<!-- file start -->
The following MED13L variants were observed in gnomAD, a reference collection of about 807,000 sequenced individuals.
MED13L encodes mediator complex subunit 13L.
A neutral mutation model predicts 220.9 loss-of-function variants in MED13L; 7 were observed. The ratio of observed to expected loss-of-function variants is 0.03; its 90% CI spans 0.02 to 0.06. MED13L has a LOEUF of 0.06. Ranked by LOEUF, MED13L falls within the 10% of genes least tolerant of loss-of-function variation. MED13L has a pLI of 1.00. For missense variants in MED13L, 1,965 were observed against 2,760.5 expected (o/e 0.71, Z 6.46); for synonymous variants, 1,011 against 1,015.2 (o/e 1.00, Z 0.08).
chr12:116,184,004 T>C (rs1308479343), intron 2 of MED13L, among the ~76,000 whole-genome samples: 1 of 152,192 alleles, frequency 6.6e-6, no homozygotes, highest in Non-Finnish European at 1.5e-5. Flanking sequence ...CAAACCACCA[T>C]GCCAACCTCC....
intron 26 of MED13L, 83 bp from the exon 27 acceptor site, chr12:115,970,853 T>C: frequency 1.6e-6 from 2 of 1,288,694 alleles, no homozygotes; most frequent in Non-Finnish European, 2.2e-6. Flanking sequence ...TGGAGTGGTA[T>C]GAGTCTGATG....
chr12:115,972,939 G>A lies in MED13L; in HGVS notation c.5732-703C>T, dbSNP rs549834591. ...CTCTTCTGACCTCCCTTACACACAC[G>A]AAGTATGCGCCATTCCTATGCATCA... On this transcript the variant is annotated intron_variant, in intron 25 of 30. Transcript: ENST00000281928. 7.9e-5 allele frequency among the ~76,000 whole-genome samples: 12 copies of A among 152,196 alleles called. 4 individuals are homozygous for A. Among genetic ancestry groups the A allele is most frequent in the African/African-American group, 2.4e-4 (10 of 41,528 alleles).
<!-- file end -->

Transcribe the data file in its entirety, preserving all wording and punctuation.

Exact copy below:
The following MED13L variants were observed in gnomAD, a reference collection of about 807,000 sequenced individuals.
MED13L encodes mediator complex subunit 13L.
A neutral mutation model predicts 220.9 loss-of-function variants in MED13L; 7 were observed. The ratio of observed to expected loss-of-function variants is 0.03; its 90% CI spans 0.02 to 0.06. MED13L has a LOEUF of 0.06. Ranked by LOEUF, MED13L falls within the 10% of genes least tolerant of loss-of-function variation. MED13L has a pLI of 1.00. For missense variants in MED13L, 1,965 were observed against 2,760.5 expected (o/e 0.71, Z 6.46); for synonymous variants, 1,011 against 1,015.2 (o/e 1.00, Z 0.08).
chr12:116,184,004 T>C (rs1308479343), intron 2 of MED13L, among the ~76,000 whole-genome samples: 1 of 152,192 alleles, frequency 6.6e-6, no homozygotes, highest in Non-Finnish European at 1.5e-5. Flanking sequence ...CAAACCACCA[T>C]GCCAACCTCC....
intron 26 of MED13L, 83 bp from the exon 27 acceptor site, chr12:115,970,853 T>C: frequency 1.6e-6 from 2 of 1,288,694 alleles, no homozygotes; most frequent in Non-Finnish European, 2.2e-6. Flanking sequence ...TGGAGTGGTA[T>C]GAGTCTGATG....
chr12:115,972,939 G>A lies in MED13L; in HGVS notation c.5732-703C>T, dbSNP rs549834591. ...CTCTTCTGACCTCCCTTACACACAC[G>A]AAGTATGCGCCATTCCTATGCATCA... On this transcript the variant is annotated intron_variant, in intron 25 of 30. Transcript: ENST00000281928. 7.9e-5 allele frequency among the ~76,000 whole-genome samples: 12 copies of A among 152,196 alleles called. 4 individuals are homozygous for A. Among genetic ancestry groups the A allele is most frequent in the African/African-American group, 2.4e-4 (10 of 41,528 alleles).